IRT: A clean slate would be a start. The world is so industrialized these days. It’s like our food and services travel more than we do.

Oh yea. There is also not a whole lot of mystery and intrigue in things anymore. I loved ordering a record, waiting a few weeks for it to come and just the anticipation. And finally getting the LP just reading every word, you know just living with the album.

IRT: The tangibility and also the ritualistic properties of a record are totally lost on this generation. How do you feel about the new media age then do you see any positive changes helping your music or just music in general?

LINKOUS: Well I think it probably helps bands that otherwise wouldn’t have a chance at all making a living doing music. You know the way labels are these days, it must be really hard to get a contract. I guess that’s one of the advantages is the progress now is the availability of obscure things, especially music. I felt really strongly about the artwork on this record just being such good artwork that people would wanna go out and buy it instead of just downloading it. I have been happier with this artwork on this record than any other record so far.

IRT: A lot of tendencies in your music bring up Pagan or Wicca imagery. Would you consider yourself spiritual in those realms, or do you follow your own path?

LINKOUS: I don’t know. I went through the last 5 years or so….. went through sort of… I needed some kind of spiritual anchor, whether it was traditional religion or something. I guess if nothing else, just your relationship with nature, you know. If you just know yourself in the world and know you are just part of everything.

IRT: Humans have totally lost that intuition. Again, it’s the modern age I guess that just brings upon that. We are so ingrained by the society that is built around that we don’t even take a step back. It’s just a very awkward time.

LINKOUS: Yea I believe that. I was convinced for a while that the Earth had just had it with us and it was really in a defense mechanism. I felt it was trying to fling us off like parasites.

IRT: Throughout the work, you seem to have a deep affinity for animals. Do you feel a close bond with them, even more so than humans?

LINKOUS: Yea, a lot of times. I guess it’s a lot easier to lose your inhibitions and be affectionate with no reserve.

IRT: On this album, did Dave Fridmann work on it extensively? Or was it more with the stuff from the earlier sessions?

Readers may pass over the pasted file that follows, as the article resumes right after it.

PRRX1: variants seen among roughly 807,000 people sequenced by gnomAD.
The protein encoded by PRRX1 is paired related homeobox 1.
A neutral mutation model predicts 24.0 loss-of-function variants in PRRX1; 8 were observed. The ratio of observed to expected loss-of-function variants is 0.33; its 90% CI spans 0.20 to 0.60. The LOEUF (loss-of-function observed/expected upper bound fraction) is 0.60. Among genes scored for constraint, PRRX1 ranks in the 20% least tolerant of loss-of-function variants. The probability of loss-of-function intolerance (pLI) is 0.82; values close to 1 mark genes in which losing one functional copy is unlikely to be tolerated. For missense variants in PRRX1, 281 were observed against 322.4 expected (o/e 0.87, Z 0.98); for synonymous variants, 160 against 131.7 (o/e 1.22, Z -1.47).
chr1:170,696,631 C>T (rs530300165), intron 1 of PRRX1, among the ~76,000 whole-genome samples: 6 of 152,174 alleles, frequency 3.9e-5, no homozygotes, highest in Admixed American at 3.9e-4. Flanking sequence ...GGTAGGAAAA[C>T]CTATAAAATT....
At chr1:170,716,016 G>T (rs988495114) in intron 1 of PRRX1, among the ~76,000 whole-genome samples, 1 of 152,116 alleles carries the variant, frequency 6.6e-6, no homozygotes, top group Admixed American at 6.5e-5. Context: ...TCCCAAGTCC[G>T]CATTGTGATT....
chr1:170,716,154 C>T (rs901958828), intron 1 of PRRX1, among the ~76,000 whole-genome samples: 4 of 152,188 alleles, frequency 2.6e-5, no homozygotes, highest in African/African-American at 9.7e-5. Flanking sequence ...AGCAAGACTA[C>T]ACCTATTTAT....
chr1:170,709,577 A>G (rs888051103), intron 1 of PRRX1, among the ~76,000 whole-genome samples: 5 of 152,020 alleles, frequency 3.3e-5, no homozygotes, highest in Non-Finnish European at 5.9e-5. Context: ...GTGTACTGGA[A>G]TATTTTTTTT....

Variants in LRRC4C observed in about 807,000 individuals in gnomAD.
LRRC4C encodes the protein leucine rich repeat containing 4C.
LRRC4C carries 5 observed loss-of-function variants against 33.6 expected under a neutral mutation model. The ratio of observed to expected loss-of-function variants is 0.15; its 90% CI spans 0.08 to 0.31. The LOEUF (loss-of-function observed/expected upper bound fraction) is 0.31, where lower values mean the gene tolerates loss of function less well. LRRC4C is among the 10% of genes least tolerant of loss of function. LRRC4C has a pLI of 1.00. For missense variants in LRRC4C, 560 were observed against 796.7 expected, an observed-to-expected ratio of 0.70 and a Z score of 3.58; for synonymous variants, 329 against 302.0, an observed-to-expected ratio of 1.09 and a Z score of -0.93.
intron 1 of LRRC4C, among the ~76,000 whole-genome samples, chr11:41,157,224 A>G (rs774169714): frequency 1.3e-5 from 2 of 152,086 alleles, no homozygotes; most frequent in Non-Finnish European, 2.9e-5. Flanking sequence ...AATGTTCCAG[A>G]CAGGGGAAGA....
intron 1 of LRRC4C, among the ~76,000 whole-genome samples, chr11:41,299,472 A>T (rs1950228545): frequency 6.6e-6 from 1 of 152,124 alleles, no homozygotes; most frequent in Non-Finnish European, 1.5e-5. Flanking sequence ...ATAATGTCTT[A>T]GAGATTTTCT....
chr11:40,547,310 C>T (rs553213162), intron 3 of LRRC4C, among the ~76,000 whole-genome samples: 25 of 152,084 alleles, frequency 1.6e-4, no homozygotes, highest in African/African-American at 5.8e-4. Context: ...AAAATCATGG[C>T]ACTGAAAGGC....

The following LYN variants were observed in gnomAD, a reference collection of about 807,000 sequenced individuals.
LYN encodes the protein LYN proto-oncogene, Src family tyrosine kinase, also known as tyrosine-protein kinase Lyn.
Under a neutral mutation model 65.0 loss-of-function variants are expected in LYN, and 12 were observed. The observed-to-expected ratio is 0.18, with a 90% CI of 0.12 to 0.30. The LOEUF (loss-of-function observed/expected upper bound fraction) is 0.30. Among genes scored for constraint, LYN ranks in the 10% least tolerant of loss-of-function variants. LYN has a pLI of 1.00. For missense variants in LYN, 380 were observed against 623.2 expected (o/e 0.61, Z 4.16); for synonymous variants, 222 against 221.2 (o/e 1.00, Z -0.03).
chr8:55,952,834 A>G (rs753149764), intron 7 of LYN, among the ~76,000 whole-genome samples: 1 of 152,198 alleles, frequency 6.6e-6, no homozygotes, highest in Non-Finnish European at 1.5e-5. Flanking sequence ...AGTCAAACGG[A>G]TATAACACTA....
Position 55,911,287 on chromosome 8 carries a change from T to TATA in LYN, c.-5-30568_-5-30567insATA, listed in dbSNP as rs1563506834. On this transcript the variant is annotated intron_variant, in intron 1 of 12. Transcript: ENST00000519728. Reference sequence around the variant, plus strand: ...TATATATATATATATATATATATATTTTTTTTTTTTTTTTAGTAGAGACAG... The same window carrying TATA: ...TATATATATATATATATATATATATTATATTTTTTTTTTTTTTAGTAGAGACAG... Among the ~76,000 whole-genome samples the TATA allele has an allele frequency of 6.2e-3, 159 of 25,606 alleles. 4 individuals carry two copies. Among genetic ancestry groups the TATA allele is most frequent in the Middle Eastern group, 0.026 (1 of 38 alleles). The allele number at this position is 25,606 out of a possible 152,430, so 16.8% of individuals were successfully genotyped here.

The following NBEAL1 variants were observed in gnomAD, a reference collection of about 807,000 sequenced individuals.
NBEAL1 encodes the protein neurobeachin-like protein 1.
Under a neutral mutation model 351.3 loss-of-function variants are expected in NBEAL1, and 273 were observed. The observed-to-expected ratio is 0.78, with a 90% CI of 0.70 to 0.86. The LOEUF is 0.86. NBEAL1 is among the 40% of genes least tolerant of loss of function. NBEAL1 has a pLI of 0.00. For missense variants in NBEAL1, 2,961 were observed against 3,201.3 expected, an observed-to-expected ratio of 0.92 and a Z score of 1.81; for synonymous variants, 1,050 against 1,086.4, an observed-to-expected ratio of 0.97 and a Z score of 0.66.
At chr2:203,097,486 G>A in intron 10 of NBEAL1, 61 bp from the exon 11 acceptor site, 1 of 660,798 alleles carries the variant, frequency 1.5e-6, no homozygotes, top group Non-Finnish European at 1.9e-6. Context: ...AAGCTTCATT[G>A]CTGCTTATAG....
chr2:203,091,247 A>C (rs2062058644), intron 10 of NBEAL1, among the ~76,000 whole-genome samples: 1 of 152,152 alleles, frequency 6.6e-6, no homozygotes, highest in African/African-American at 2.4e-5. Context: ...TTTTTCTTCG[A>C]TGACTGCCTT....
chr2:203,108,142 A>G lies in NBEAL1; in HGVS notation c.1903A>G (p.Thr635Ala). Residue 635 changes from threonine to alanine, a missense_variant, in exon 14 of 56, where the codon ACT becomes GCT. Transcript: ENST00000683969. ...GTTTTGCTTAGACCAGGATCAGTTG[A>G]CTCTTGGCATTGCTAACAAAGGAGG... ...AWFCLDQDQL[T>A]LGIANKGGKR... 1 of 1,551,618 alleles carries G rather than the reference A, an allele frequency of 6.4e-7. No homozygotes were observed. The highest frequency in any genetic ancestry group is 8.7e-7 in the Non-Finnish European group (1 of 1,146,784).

LINKOUS: There were some later sessions that we did. Um “It’s Not So hard” and “Knives Of Summertime”. Some of the basic tracks, especially the stuff that Steven of The Flaming Lips played drums on down at Tarbox Studios.

IRT: What about Dangermouse, he did some mixing on the album?

LINKOUS: Yea mixing, and we recorded and co produced about 4 songs.

IRT: How did you connect with him? I know you worked on the Dangerdoom album, you played some bass on it right?

LINKOUS: Right. Someone sent me The Grey Album like a year or so ago. I finally got around listening to it, and I thought it was amazing. I was talking to my manager about other people I would wanna collaborate with. And I asked her who he was and she gave me the lowdown. I didn’t know at all that he was in demand as he is. Anyway we started talking, and I articulated to him the aesthetic I was going for with this record. I wanted to bring more electronic stuff in, and push it as much as Kid A or Amnesiac, but I wanted it to have choruses. I wanted it to push the electronic end, but still be really strong traditionally constructed pop songs.

IRT: You also worked with Fennesz.


IRT: Did he help you apply that aesthetic as well?

LINKOUS: Well there’s not a whole lot on this record, but him and I are gonna do another record on our own. We did a thing together in Geneva that got recorded and filmed. Dangermouse and I are also gonna do another project together.

IRT: What do you enjoy so much about fractured sounds?

LINKOUS: I guess it’s just the aspect of the sound that’s alien to the ear. I have always been intrigued by like what a satellite sounds like on the inside, or how satellites trying to talk to each other. I don’t what the allure to the aged fractured thing is, but it has always been appealing to me. The aesthetic of it is really intriguing.

IRT: In terms of being on Astralwerks how’s your relationship with Capitol? Do you feel that Astralwerks is a good fit for you? Capitol really didn’t do a great job of getting your name out there; in America at least. I know that EMI handles you well in the UK but here they really didn’t know what to do with you.

LINKOUS: Yea, that sums it up. I guess I was lucky in that they sort of just left me alone. This record was a really long time coming, and I think they would have preferred to have it a while ago, and I would have preferred to have it a while ago, I just wasn’t really able to work for a long time. When I finally did hand it in, I didn’t hear from them for sometime, and I was really nervous. And I didn’t know that much about Astralwerks, but now after meeting them and knowing what I know now, it’s a great thing. I’ve never really had eight people in a room enthusiastic and happy to have something to do with Sparklehorse.

IRT: What’s the touring situation like?

LINKOUS: We’re doing a couple of gigs in the States, then we are going to Europe for a while, like a seven week tour.

IRT: Thanks for talking.

LINKOUS: You're welcome. Take care.

"It's A Wonderful Life" video: